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Pushing the Envelope: Acid Souljah

It’s hard to compare Acid Souljah’s sound to anything you’ve heard before. That’s because his music literally doesn’t sound like anything else. From his heavy vocal effects to the mixing that sounds like you’re listening while on acid, his music is strikingly unique, and is steadily gaining recognition. Acid talks about the history behind Evil Plug and So Evil Boyz, interacting with supporters and haters, the new Soundcloud underground, the struggles of the mainstream music industry, and the future of his music and group.

Acid has been tapped into the underground scene for as long as he can remember, listening to underground legends like Goth Money, Sesh Hollow Waterboyz, Metro Zu, Raider Klan, Ocean Gang, and Lil B while he was selling drugs and making joke songs in middle and high school. Eventually, inspired by the underground he grew up with, he decided to pursue music seriously in 2019. Acid Souljah, along with his tongue-and-cheek style was born. Soon after, he started collaborating with producer Seepy and rapper Xhris2Eazy who were also creating in the same online spaces. Having formed a strong bond between each other, they decided to start a collective. “[Xhris] dropped a song called Evil Plug and we were thinking of a collective name, and that shit just stuck,” Acid recalls. “We were like, “let’s just call it Evil Plug, it kinda sounds like the shit we’re making, it sounds cool.”” And so, Evil Plug was formed.

Evil Plug’s sound was experimental, vivid, and dark- featuring heavy vocal effects, crazy mixes which often changed the pitch, tempo, and filter on songs, and unconventional yet charming production featuring heavy 808’s and fast paced yet catchy melodies. Their sound caught on, and more and more people wanted in on it. Nowadays, a quick YouTube search will yield hundreds of “Evil Plug type beats'' which Acid Souljah finds funny. It turns out there’s actually a lot of misconception about what Evil Plug actually is. Although a lot of people try to make the “Evil Plug sound,” Acid Souljah stresses that Evil Plug is a collective name, not a genre name. Evil Plug is strictly what the members of the collective make, not anything else.

Eventually, after some changes to the group and evolution as artists, they decided to rebrand Evil Plug to what it’s known as now, So Evil Boys (SEB). SEB currently consists of rappers Acid Souljah, Xhris2Eazy, Xaviersobased, and Y8, producers Seepy, Ss3bby, and MrCheezl, and artists Fardnem, Lu_uc, and K_thar_s. With a talented roster of up-and-coming creatives, Acid Souljah is excited for what’s to come for the collective.

Acid Souljah and SEB are already making a positive impact too. Acid Souljah recalls, “I’ve had a lot of people tell me that my music helps them with their mental health and shit, and that it inspired them to create music.” He’s excited that his music is helping and inspiring people, because that’s exactly what the underground he grew up with did for him. “The underground scene inspired me to create music, so when you tell me that I inspired you to make music or I'm helping you with XYZ problem, it means more to me than like 100,000 streams.” In fact, Acid has no problem expressing his excitement and gratitude towards listeners to reach out to him. In what seems like every conversation about him online, listeners agree that Acid is nothing but genuine and wholesome to them when they reach out. Acid actually gets a lot of messages saying “holy shit, you actually responded” to which he laughs and says that of course he did, because he’s a normal person just like anyone else. He’s not some celebrity; he sees his messages and loves chopping it up with listeners.

Acid explains that his friendly attitude towards his supporters is “Because it’s about making an impact on people’s lives. I just don’t wanna be some random dude from Texas that goes to college for a computer science degree and lives an unremarkable life.” At the end of the day, what really keeps Acid going is the positive impact he’s making on his listeners, and above all, that’s his favorite part about making music. “...that means more to me than any amount of money, clout, fame, or feature with my favorite rapper or DJ. At the end of the day, that’s the shit that makes me smile and keep going,” he says.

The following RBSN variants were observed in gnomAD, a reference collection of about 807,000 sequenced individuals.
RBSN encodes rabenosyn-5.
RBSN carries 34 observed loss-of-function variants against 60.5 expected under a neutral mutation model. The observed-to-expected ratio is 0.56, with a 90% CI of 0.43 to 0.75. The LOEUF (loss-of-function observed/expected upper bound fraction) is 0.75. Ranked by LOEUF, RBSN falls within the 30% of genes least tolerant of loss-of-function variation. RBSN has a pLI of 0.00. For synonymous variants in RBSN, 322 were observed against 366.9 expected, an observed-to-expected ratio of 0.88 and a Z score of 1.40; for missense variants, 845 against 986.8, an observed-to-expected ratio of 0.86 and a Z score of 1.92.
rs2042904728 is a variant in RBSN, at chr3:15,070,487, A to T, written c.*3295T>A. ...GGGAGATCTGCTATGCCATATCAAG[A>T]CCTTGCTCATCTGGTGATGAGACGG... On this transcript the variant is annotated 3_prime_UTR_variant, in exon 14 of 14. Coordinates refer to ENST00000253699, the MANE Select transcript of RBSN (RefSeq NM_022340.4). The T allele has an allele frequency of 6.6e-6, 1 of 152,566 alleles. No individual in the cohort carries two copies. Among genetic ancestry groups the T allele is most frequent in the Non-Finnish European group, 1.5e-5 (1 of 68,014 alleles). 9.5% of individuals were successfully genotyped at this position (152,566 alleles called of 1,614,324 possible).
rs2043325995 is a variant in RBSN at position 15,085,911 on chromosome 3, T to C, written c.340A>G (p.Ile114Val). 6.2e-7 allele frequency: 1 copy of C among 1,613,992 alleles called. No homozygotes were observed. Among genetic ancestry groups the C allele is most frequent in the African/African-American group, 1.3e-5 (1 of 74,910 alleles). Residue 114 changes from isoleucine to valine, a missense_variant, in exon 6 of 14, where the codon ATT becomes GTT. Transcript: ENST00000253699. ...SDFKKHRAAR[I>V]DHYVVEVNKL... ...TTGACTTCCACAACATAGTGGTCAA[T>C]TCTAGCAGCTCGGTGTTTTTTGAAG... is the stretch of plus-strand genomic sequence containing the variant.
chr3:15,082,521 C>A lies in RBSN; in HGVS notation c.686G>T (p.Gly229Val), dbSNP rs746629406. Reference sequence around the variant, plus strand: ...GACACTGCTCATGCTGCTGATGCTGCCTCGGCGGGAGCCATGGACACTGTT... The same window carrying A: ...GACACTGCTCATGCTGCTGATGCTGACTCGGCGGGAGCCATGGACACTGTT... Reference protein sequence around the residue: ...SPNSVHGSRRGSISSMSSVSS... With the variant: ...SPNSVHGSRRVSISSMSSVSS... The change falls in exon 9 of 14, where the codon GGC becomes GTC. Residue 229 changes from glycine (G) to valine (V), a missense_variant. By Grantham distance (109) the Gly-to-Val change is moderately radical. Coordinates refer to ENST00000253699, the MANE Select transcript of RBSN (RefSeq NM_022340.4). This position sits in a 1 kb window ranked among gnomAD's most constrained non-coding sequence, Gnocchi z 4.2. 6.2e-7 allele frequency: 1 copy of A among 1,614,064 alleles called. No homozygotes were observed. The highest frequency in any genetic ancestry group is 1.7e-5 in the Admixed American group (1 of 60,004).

He speaks highly of his listeners too. “I feel like fan is a dirty word. To call someone a fan is kind of egotistical like, “oh you’re a fan of me”” says Acid. He’d much rather refer to his listeners as supporters because that’s what they’re doing. They’re taking a chance and supporting a small artist by listening to their music, and maybe even telling their friends about them as well. They’re reaching out to him and telling him that they like his music, and that he’s inspiring or helping them. The support of his listeners means the world to him, so he would never want to snub them by calling them fans. “A fan is someone that’s on your nuts. A dick-eater. And like a supporter is someone who’s like “dude I really fuck with your shit, I’m gonna share your song or tell you your song means a lot to me,”” he says. Acid stresses that he has a lot of love and appreciation for those who support him.

However, even with the growth that Acid Souljah and SEB have been getting for the past couple years, there are some unique problems that he faces as a creative because of his mostly online platform- the disconnect between him and his listeners through the screen. Since a lot of the emerging underground scene is happening online, it can be hard for some listeners to remember that the creatives on the other side of the screen are real people. Acid says that some people see 12,000 followers and a couple hundred thousand plays and think he’s a celebrity, even though he’s never even gotten recognized in real life. People often act weird online thinking that he’ll never see it; that he’s too large to notice. However, even for much larger artists in the underground, they usually see when someone is being a dickhead. When he first started, hate comments got under his skin, but through his years of creating and being in the online space, he’s learned that it’s just a normal part of being an artist, especially one who’s pushing the envelope like him. “You’ve got to learn to laugh it off. If an artist says they’ve never gotten mad about someone hating on them, they’re fucking lying.” Acid says.